By Andrew Sullivan, Weekly Dish
The extremes of right and left on immigration are fueling each other.
The MSM rushed last weekend to explain the previously obscure conspiracy theory that motivated a mass-murderer on a shooting spree in a black neighborhood in Buffalo, New York. We didn’t get to read the warped “manifesto” of the mass shooter, but we were told about its account of “Great Replacement Theory.” It posits that a shadowy, global elite (in this case — surprise! — Jewish) is deliberately fostering mass non-white immigration to dilute the voting power of white Americans. The goal is a minority-majority country in which the Republican Party is doomed by inexorable racial demographics, and a whole new multiracial society can be built on the smoldering ruins of “white supremacy.”
“Wait a minute!” as Homer Simpson might say. Haven’t I heard some of that kind of talk before? It’s coming back to me now. Here’s one devotee: “Folks like me who are Caucasian of European descent — for the first time in 2017 we’ll be an absolute minority in the United States of America. Absolutely minority … That’s not a bad thing. That’s a source of our strength.” Here’s another: “There’s nothing really [the Republicans] can do against this incredible demographic revolution.” And another: “The Republican majority has always been based upon whites and, in particular, white males … The bulwark of Republican electoral strength is disappearing.”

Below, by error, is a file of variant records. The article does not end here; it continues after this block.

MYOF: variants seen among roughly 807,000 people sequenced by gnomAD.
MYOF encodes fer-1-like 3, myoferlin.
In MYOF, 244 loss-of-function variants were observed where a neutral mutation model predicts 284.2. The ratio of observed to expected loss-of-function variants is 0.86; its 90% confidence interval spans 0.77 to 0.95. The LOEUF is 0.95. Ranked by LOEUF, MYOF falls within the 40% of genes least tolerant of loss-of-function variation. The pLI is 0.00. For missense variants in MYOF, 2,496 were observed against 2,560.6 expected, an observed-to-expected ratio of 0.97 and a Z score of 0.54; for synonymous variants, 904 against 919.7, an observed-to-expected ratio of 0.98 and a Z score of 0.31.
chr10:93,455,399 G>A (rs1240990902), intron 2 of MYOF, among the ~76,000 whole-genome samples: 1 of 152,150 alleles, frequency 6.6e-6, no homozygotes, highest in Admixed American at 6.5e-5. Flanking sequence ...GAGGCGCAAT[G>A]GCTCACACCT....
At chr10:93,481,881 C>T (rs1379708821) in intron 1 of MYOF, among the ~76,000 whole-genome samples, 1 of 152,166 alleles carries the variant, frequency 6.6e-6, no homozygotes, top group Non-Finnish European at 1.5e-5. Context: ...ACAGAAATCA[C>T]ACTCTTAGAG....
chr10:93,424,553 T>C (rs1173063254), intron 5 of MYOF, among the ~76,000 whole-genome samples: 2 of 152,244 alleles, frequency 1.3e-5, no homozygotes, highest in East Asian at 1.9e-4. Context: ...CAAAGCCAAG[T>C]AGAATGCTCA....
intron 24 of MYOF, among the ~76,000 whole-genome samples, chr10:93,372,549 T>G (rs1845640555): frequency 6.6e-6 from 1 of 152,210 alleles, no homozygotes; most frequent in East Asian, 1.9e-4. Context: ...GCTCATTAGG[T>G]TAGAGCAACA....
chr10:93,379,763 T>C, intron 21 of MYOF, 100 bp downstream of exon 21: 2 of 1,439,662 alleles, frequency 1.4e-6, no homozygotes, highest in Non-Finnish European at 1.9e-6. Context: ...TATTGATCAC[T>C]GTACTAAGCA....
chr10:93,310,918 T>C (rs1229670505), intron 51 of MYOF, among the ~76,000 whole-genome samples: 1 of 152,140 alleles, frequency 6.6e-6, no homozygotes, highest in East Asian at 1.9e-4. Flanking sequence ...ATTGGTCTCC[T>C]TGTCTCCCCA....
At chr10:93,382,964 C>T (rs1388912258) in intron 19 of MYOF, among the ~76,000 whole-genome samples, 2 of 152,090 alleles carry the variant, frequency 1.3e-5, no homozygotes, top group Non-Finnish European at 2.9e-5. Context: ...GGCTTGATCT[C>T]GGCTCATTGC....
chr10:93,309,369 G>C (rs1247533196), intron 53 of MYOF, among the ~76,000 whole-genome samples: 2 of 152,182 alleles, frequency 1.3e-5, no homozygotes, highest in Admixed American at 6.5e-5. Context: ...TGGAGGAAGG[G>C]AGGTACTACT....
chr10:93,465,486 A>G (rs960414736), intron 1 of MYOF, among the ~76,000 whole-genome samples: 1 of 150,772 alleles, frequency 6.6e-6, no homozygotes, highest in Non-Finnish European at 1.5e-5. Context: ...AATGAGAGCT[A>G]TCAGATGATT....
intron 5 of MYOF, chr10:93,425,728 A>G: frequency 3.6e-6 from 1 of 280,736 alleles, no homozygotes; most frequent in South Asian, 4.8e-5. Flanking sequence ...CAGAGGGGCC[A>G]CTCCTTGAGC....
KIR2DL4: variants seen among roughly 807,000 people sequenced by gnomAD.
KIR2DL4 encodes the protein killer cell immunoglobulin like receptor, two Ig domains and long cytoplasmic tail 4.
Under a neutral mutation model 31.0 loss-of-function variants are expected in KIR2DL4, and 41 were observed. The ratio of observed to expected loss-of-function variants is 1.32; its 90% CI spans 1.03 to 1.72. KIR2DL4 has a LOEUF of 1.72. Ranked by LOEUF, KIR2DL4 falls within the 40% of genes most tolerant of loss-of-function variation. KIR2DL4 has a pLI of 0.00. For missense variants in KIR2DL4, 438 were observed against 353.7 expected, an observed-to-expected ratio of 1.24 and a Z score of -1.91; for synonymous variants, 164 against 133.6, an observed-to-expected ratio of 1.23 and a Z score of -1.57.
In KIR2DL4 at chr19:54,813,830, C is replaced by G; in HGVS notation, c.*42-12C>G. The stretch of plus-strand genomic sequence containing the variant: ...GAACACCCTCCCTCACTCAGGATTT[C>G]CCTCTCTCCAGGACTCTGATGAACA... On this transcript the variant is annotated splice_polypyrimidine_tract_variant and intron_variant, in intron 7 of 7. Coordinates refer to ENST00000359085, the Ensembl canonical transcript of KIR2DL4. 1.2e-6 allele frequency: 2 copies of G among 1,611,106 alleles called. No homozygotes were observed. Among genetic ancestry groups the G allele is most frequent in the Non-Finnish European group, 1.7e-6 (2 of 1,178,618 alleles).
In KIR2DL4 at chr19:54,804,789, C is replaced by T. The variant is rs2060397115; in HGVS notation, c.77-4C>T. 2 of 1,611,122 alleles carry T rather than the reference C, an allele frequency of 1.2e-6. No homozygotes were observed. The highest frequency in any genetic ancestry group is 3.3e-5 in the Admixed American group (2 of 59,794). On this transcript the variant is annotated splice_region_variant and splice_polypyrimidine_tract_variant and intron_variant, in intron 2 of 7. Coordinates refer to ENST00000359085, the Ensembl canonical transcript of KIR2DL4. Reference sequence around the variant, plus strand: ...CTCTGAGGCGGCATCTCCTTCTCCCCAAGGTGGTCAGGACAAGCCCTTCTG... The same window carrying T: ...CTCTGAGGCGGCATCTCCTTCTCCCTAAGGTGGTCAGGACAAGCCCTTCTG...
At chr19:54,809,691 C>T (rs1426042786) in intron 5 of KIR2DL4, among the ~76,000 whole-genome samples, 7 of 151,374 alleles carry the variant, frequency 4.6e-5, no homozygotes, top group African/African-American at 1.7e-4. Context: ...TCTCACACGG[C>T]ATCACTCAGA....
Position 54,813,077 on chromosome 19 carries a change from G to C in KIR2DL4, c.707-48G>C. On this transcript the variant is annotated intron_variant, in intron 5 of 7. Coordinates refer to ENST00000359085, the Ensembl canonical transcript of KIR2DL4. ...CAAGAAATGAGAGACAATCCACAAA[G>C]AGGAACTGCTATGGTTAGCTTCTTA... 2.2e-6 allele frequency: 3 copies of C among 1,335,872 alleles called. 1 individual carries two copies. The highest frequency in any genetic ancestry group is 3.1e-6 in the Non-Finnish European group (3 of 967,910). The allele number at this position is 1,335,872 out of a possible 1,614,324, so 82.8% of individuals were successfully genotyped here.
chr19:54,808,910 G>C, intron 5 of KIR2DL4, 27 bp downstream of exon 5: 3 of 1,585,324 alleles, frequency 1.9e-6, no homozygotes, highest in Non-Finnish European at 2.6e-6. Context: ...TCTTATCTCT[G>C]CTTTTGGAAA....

These quotes are from then-VP Joe Biden, Univision founder Jorge Ramos, and sassy Dem Party hack James Carville celebrating the implosion of white America. This was also the theory that drove the 2016 Clinton campaign to ignore white swing voters and focus instead on the non-white: “What I found fascinating about the primary was how we got into our different demographic lanes, and demographics were to some extent destiny,” was how the genius Robby Mook put it, before he helped elect Trump.
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